Jamie Patterson Managing EditorEverything had been properly labeled. Every box of crayons, every folder with Spiderman and Mustangs on it had his name neatly written across the top. His book bag had been cleaned out and loaded with an assortment of pencils, markers and glue sticks.
I did it about a week ahead of schedule, but our son James was ready for his first day of “big school.”
All his school supplies sat in the corner of the dining room. Everything was ready for his big day. But as the days dwindled down, I realized that it was me who wasn’t really ready.
For weeks, my husband Jason and I talked to James about kindergarten. We covered everything from making new friends to taking his nap to paying attention to his lessons.
We even prepared him for the earth-shattering idea of his baby sister Elsie going to daycare without him.
We thought we had all our bases covered.
But it was the evening before his first day of school when I lost it. I was an emotional wreck.
Grabbing his book bag, I wanted to try it on James to make sure everything was fit and snug.
“Let’s see how you will look for your first day of big school,” I said, slipping his Cars book bag over his shoulders.
As if he were a catalog model, he showed off his ticket to “big boyhood.” And then he looked up at me and grinned.
I immediately dashed into the living room. The tears began to roll down my cheek. I didn’t want my little boy to head off to big school, even if it’s just 4K. I wanted him to stay a little boy.
“Are you serious,” Jason asked, looking at me from the couch.
“It’s sad,” I blubbered. “He’s growing up, and I don’t like it.”
Poor James just stood there in silence with his book bag still on. He wasn’t sure what kind of emotional rollercoaster Momma was about to embark on.
But I wiped my tears and got back to my senses. I even started to brag about how handsome he looked in his new gear.
Later that evening, we started our new routine. We all sat down to supper, got James in the tub, brushed his teeth, read a bedtime story and tucked him into bed. Turning on nightlights and giving final hugs and kisses, the Patterson home rested.
But at 5 a.m., the alarm clock started blaring. I normally would sleep a little later, but preparing breakfast and getting a kid ready for school called for extra measures.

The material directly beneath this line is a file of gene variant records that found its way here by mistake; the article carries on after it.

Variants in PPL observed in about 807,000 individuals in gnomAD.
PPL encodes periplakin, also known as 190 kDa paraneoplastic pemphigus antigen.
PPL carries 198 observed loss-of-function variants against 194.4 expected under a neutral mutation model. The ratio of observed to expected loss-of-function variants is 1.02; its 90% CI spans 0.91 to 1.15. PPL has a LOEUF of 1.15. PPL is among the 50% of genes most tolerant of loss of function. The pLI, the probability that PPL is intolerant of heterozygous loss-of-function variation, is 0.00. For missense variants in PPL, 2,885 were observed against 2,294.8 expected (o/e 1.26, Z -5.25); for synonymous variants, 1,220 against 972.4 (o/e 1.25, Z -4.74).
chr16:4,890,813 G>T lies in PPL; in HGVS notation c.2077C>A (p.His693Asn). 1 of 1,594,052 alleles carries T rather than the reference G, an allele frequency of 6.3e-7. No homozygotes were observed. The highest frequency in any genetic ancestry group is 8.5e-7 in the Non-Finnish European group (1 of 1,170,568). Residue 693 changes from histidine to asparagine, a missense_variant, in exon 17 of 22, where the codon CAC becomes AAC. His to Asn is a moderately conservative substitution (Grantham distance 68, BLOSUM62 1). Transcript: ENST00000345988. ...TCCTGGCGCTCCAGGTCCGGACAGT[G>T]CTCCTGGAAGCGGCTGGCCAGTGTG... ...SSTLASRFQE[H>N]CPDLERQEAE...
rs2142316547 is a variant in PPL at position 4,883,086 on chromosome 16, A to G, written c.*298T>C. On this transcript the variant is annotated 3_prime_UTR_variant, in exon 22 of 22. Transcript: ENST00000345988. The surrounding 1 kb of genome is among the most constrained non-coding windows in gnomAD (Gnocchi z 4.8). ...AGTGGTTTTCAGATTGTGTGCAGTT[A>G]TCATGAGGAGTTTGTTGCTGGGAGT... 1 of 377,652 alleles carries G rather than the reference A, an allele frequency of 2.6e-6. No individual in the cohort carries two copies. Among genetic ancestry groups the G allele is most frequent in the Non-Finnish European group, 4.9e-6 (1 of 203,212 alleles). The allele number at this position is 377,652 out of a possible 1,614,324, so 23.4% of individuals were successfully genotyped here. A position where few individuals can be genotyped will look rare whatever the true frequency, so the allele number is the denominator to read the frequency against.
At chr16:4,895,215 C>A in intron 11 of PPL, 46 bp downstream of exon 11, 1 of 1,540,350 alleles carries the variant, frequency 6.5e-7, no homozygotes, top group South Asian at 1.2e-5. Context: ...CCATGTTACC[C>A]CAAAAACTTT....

I somehow managed to get myself ready rather quickly. I put James’ breakfast on the table for him. I made sure his book bag was nice and neat. I got his clothes out for the day.
While he ate, I even had time to get Elsie ready for her solo appearance at daycare.
We were so ready for school that we were ready about half an hour before it was time to leave.
“We are getting ready too early,” Jason said, with his eyelids halfway down his face. “I’m sleeping an extra hour from now on.”
James has been at big school for about a week now. And we are starting to adjust to the new routine.
But that same feeling hits me every morning when I drop him off.
My stomach falls to my feet. My eyes water up just for a second. I want to grab him back into the car and take off for a day at the zoo or snuggle time at home.
But with a quick hop and a tug at his bag, James looks back at me and smiles.
I watch him walk into the building, down his own little path.
As I drive off toward work, I anxiously await that afternoon pickup. I’ll even start counting down the minutes to get Elsie shortly afterwards.
Watching them go doesn’t seem as hard if you know they will always come back.
Jason Patterson Editor & Publisher“Daddy, that’s the funniest looking phone I’ve ever seen.”
That was the reaction of my 4-year-old son James to the telephone in the beach house we rented for our vacation last week.
It was a much more modern version than the yellow rotary model that was on the wall of our kitchen for most of my life. But it had a cord, and it was plugged in to the wall. It occurred to me for the first time that these are things that James had never seen before.
Mom and Dad’s phones fit in their pockets and have Internet access and email. Most of our friends have phones that are much more advanced than our outdated Blackberries. James probably knows more about touch screen phones than I do.
It took a while to convince James that the phone in the beach house wasn’t a toy. That was an amusing reminder of how much things have changed in the last decade.
It was about 10 years ago that I reluctantly purchased my first cell phone. For about a year I left it at home just like it was a regular phone because I just couldn’t stand the idea of not being able to be out of touch for a little while.
Eventually my job as a newspaper reporter demanded that I be accessible at all times. It took a while for me to get used to the idea, but now it has just become a part of everyday life. Now people get bent out shape if they can’t reach someone immediately. With the addition of email capability, it’s even worse. It’s like being expected to check your mailbox around the clock.
All of these things offer some great advantages. I would have loved to have had a cell phone on the many occasions when my vehicles broke down in my younger days. It’s going to be great as a parent to be able to reach my kids at any time when they’re teenagers.
But it’s easy to go overboard with the new technology. It’s strange to see two people in a restaurant totally ignoring each other while they play with their phones. Their conversations have been replaced by posting photos of the meal to Facebook and texting others about what they’re doing. Perhaps some of them are texting each other instead of talking.
But last week our beach house was in an area that got no cell phone service. A week with no phone calls, Internet or social media might seem unimaginable for some people today, but it sure was a nice change of pace for a little while.